Master School International Seminar 3: The role of nurses in the management of patients with congestive heart failure: prevention of early readmission
The prevalence of congestive heart failure (CHF) is between 1 to 2 % in the general population, but this much higher in elderly persons (1 – 3). The prognosis of CHF is difficult to estimate.
In case of congestive heart failure, one can expect a survival one to five years, but there is a continuous risk for sudden death (4). Moreover, symptoms and signs significantly reduce the quality of life (2) and increase health care costs (4). Understanding CHF is also more difficult in patients with frailty and comorbid conditions. These patient groups are heterogeneous and there is a serious gap in the knowledge of their management (4). Readmission within thirty days after discharge can be up to 20 – 30 % (3 – 6) and within six months, this can be even 50 % (7).
A high readmission rate for CHF is a serious problem and can serve as measure for quality of care in this respect (4). Risk factors for early readmission are increasing age, living alone, sedentary life style, comorbid conditions (8) while timely and adequate outpatient care and management could be protective (7).
The most common reasons for readmissions are a relapse of CHF, acute renal failure and pneumonia (5). To make matters worse, CHF tends to worsen with each readmission. To address this problem, following questions arise.
Are there markers for readmission and are they useful for a bedside approach?
Does self-management by nurse-led clinic and regular follow-up improve outcome?
Do educational level and health literacy matter?
The method involves the exploration of a sample of the literature between 2014 and 2019 for real-life experiences. This includes aspects during the hospital stay as well as after discharge. Large US and Swedish surveys as well as a smaller Chinese and Spanish example show important clues. Five more reviews give some additional theoretical insights.
In a cross sectional examination of three US hospitals, including over 160,000 heart failure patients, hospital characteristics are scrutinized for several aspects: technical facilities, number of patients treated, the ratio of revenue and expense and teaching status (5). An effect is observable for the environmental characteristics for nursing. These include 1) investment in nursing staff development with the ability to discern and attend to complex need for care, 2) adequate management and resources at hospital and at ward level, 3) the working conditions, especially with respect to the patients/nurse ratio, and 4) availability of time (5). Talking / comforting, care planning and counselling are the highest percentage of missed care in patients with heart failure.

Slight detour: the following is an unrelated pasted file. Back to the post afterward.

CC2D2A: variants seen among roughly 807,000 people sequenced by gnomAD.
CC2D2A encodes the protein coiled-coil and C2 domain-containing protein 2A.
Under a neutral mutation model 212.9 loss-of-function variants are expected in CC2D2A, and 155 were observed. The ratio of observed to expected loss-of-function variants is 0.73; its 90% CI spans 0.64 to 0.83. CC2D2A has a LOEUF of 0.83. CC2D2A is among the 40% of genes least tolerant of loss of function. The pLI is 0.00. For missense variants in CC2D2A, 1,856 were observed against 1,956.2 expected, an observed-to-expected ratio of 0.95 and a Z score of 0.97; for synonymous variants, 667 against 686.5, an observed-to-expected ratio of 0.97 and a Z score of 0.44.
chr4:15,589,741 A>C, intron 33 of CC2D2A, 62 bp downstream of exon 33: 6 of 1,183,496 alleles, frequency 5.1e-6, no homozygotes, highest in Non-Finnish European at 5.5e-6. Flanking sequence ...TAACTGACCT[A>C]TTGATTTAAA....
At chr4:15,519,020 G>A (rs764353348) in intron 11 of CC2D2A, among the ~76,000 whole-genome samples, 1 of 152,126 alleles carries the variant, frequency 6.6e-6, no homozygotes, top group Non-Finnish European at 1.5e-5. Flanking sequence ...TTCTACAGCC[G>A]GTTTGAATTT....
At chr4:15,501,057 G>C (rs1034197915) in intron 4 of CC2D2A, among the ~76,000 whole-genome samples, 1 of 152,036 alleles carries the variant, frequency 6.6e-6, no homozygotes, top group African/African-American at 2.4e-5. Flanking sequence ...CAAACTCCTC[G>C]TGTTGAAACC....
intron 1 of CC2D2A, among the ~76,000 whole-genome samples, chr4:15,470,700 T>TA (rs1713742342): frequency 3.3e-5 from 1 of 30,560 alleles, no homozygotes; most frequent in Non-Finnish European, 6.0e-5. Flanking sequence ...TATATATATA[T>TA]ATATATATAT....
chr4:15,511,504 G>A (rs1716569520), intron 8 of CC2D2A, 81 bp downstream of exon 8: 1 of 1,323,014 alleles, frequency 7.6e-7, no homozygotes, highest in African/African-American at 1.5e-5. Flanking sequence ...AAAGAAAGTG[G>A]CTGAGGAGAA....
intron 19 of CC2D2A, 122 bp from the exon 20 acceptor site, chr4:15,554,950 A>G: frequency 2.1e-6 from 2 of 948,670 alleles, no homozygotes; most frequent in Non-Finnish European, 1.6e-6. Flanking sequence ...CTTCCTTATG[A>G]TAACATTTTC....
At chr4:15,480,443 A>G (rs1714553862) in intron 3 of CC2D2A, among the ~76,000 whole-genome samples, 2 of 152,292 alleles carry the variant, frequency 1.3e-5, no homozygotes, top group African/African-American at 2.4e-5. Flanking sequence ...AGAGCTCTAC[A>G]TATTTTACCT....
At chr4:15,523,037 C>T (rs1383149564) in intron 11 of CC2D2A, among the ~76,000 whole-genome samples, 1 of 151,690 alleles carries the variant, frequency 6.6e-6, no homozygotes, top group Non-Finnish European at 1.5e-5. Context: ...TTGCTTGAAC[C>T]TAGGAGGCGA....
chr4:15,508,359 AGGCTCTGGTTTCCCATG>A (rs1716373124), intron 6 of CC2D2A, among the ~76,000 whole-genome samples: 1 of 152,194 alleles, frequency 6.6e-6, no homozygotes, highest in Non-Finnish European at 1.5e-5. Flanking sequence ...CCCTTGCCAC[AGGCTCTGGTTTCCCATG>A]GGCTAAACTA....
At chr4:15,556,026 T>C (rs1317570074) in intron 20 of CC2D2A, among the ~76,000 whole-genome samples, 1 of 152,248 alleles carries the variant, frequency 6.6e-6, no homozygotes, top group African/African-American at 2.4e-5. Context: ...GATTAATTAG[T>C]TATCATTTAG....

These numbers increase in hospitals with a poor working environment, but these figures remain high, even in good working conditions. Especially, the missed care has an effect on the outcome. The odds for readmission increased with 12 % for missed treatments and procedures, 6 % with missed coordination with 4 % for missed counselling and documentation with 3 % for missed care planning, especially when this missing took place during the last day of stay, when most questions arise for the patient (5).
A small Chinese randomized trial divided patients in an intervention and a control group. The intervention group underwent two sessions of education of one hour during hospital stay, the last just before discharge. This included teaching of skills (self-monitoring and management, journal-keeping, medication and diet compliance), counseling for associated mental conditions but also assessment of knowledge (understanding of CHF) and enlisting relatives to provide psychological and social support. A nurse provided for post-discharge care every four weeks. This included education as well as updating information concerning self-management (medication, diet, symptoms and signs). A physician examined the patient every eight weeks. This approach resulted in a reduction of readmission within the first year after discharge (8).
A large Swedish nationwide registry (Swede HF) showed that only 39 % of the patients are referred to a nurse-led heart failure clinic. These patients had more severe CHF, more CHF medication but lower comorbid conditions. The nurses provided for education, psychological support and assessment of mental well-being and if necessary adapted treatment under supervision of a physician. This approach reduced mortality but not re-hospitalization: patients with worsening CHF were identified and referred to the hospital in an earlier stage (3).
A small Spanish cross-sectional study included randomly selected elderly patients from primary health care centers (PHC). These had a good exercise tolerance and low health literacy index. PHC care givers played an important role in identifying patients with poor self-management skills (low educational level, cognitive impairment, and high age) and bidirectional communication with hospitals. There was less endorsement of daily weighing (11 %) and contacting physicians with increasing weight (23 %) and regular exercise. The interrelation between CHF and cognitive impairment and low health literacy was an important aspect, since the latter made it more difficult to recognize symptoms of deteriorating CHF. Moreover, in contrast to dyspnea, patients tolerated all too easy weight gain, edema and fatigue. Cognitive impairment and anxiety worsened this behavior. This led to a decrease in recognition of symptoms, less adherence to medication and dietary restrictions.
Home visits by specialized heart failure nurses could help patients in education and self-management and reinforce good practice with respect adherence to medication, dietary restrictions, recognizing weight gain, edema, fatigue, regular exercise and seeking timely doctor’s help (2).
Two types of intervention are helpful in exploring maladaptive behaviors in patients with CHF. First, motivational interviewing can improve self-care in patients with CHF, but is not necessarily sustainable. Collaboration, empathy and enhancement of self-efficacy are its hallmarks. Second, through cognitive behavioral intervention a patient is able to recognize irrational thoughts and misconceptions in interpreting adverse events. This approach shows effectiveness in CHF patients with comorbid conditions and seems more sustainable.